In one embodiment, as shown in Figure 3A and Figure 3B, the nozzles 6 may be installed in a shoulder 65 on the outer surface of the tool. The shoulder may be defined by a change in the tool’ s outer diameter. The shoulder may be between flow diversion component 4 and combustion chamber wall 7. The shoulder may be an annular surface substantially perpendicular long axis of the tool, which is along the length of the combustion chamber 74. The shoulder 65 faces downward, such that the outer diameter of outer surface substantially at and above base wall 50 is greater than the outer diameter across exterior surface 72 of the combustion chamber wall. Nozzles 6 are positioned with their orifices opening on the annular step wall such that water is ejected axially along the outer surface of the tool, parallel to the combustion chamber wall 7. Nozzles 6 may be spaced equally around the circumference of the shoulder. The nozzles on the shoulder 65 of the main body may be aimed towards the outlet 40 of the combustion chamber. Figure 3A shows nozzles 6 in operation, where water is ejected concentrically from about the tool and toward the outlet 40, providing a film of water along the exterior surface 72 of the combustion chamber wall 7. Nozzles spacing on shoulder 65 may be uniform to ensure adequate water coverage of the combustion chamber wall 7. Nozzles 6 may be designed for various spray delivery types including fan, jet, mist, or spray. Additionally, the water pressure and water flow rate may be varied depending on the size of the tool, design criteria and power requirements of the tool.

If there is a desire for higher steam quality or the combustion products exiting the outlet are found to be too hot, it may be beneficial to provide further water extension conduits 12 with distal ends having nozzles 12a thereon, as shown in Figures 2A and 3C. Extension conduits 12 may be connected to passageways 4b such as those terminating on shoulder 65. As shown in Figure 3C, each tubular water extension conduit 12 may be connected to component 4, such as connected on to the shoulder 65, spaced apart and interspersed between the nozzles 6, and may extend along length L of the combustion chamber wall 7 to terminate proximate to the outlet 40 of combustion chamber. Water extension conduits 12 may be used in addition to nozzles 6 to provide an additional source of water. Water supplied to the tool may be supplied to and ejected from both water nozzles 6 and water nozzles 12a fitted to extension conduits 12. Figure 3C shows how water may be ejected simultaneously from water extension conduit nozzles 12a and nozzles 6.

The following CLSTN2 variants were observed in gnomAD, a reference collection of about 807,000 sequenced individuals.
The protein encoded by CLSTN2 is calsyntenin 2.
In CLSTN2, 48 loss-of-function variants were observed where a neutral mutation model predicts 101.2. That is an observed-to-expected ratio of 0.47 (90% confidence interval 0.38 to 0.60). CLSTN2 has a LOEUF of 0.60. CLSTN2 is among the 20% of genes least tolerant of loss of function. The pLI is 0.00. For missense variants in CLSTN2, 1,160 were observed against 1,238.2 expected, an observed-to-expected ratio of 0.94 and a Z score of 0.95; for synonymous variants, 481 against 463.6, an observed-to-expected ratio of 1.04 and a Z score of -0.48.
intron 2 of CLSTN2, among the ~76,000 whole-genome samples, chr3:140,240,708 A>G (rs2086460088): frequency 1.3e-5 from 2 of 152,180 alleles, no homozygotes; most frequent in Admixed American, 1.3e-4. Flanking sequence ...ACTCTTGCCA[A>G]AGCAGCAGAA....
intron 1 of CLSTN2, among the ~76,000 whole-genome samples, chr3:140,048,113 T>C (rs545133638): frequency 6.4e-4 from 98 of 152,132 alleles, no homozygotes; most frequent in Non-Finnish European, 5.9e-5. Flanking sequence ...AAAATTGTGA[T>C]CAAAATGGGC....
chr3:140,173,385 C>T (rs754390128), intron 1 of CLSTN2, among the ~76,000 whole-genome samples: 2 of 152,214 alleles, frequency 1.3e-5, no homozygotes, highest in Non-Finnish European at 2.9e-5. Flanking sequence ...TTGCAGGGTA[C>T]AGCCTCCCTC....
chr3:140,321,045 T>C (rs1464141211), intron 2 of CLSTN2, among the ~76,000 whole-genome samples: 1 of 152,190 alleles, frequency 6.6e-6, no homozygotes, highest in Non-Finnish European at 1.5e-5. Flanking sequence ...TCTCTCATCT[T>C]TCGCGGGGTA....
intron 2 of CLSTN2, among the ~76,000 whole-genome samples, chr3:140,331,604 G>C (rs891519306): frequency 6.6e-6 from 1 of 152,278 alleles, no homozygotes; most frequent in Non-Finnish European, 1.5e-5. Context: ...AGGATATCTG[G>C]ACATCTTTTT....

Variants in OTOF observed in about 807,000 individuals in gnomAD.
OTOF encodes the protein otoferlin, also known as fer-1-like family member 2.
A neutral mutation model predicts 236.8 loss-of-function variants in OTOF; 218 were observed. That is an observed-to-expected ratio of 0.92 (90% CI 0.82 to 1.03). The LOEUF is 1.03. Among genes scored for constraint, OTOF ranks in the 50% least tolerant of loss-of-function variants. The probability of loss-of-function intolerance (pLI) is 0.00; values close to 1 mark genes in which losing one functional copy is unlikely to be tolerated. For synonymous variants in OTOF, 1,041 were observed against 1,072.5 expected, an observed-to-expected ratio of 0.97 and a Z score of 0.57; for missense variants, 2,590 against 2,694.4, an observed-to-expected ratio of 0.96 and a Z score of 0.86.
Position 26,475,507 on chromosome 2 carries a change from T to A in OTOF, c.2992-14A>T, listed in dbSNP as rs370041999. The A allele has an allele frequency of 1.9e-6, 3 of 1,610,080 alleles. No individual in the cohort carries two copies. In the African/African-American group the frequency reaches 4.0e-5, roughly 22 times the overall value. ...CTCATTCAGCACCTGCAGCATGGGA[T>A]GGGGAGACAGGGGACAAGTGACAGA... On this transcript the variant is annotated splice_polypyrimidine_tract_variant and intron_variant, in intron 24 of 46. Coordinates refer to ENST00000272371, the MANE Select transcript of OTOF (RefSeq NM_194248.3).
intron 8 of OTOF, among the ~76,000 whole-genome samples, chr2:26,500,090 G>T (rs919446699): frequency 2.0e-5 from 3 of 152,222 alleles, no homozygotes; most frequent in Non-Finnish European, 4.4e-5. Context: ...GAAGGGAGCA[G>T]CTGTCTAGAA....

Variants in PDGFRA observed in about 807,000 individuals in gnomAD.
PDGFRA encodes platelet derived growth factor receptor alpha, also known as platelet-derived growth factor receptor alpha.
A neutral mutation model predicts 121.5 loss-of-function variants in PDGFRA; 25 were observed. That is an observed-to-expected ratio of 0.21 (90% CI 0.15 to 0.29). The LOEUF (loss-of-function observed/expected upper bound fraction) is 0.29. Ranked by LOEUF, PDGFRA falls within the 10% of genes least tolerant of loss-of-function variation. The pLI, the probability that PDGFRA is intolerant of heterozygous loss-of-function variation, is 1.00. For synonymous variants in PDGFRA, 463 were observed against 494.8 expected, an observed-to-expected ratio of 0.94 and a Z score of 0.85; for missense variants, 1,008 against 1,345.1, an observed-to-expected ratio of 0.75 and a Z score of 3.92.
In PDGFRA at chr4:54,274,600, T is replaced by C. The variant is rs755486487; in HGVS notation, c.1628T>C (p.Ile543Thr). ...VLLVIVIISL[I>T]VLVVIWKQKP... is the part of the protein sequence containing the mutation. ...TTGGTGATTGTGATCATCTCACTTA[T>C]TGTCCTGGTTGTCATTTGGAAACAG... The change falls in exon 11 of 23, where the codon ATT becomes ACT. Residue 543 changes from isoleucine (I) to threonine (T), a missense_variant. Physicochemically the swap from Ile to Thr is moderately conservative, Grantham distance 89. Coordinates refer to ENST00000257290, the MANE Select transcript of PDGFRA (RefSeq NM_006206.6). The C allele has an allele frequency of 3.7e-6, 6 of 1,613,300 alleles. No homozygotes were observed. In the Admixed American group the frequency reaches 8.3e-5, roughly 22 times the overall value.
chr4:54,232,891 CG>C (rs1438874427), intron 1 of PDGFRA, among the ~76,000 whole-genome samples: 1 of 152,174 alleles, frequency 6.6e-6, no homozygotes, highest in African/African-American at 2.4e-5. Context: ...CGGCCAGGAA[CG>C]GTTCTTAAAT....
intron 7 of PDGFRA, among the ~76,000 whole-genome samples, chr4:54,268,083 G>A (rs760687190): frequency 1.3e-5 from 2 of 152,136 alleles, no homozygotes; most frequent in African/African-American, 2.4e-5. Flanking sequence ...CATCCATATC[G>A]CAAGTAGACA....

Nozzles 12a are positioned close to the outlet 40, where hot combustion gases exit the tool into space 21. Thus, nozzles 12a of extension conduits 12 can be positioned to eject the water close to or directly into the combustion gases. Water supplied to the tool is directed into water extension conduit 12 and ejected by nozzle 12a into the space 21 where hot combustion gases exit from the outlet 40 of combustion chamber, thereby vaporizing the water to steam. There may be a plurality of water extension conduits 12 and nozzles 12a as shown in Figure 3C.

Water extension conduits 12 may directly deliver water to the outlet 40 where combustion gases exit 21 and can vaporize the ejected water to steam. Such steam generation in the exiting combustion gases, may also serve to more directly cool the combustion gases. In particular, water extension conduits 12 permit direct cooling of the hot combustion gases 21 ejected from the outlet 40 of the combustion chamber. The water extension conduits 12 may eject water axially relative to the wall or may be angled inward towards the outlet 40 of the combustion chamber to direct water ejected from the nozzles radially between directly radially inwardly or at any angle up to axially away from the outlet. For example, a distal end of the water extension conduits 12 may be angled a at least 45° towards the outlet 40 providing ejection of water into the space 21of the hot combustion gases exiting the combustion chamber. The number of water extension conduits 12 may vary on the desired steam quality to be injected, size of the well, application and design of the tool. For example, for a tool intended for use in a well having an inner diameter of less than 229 mm or less than 178 mm, between 4 and 8 water extension conduits 12 may be provided.

Water extension conduits 12 with nozzles 12a have the greatest effect at a low power setting, for example below 5 million BTU/hr. In this case, the water ejected from nozzles 12a helps to cool the hot combustion gases exiting the outlet 40 of the combustion chamber.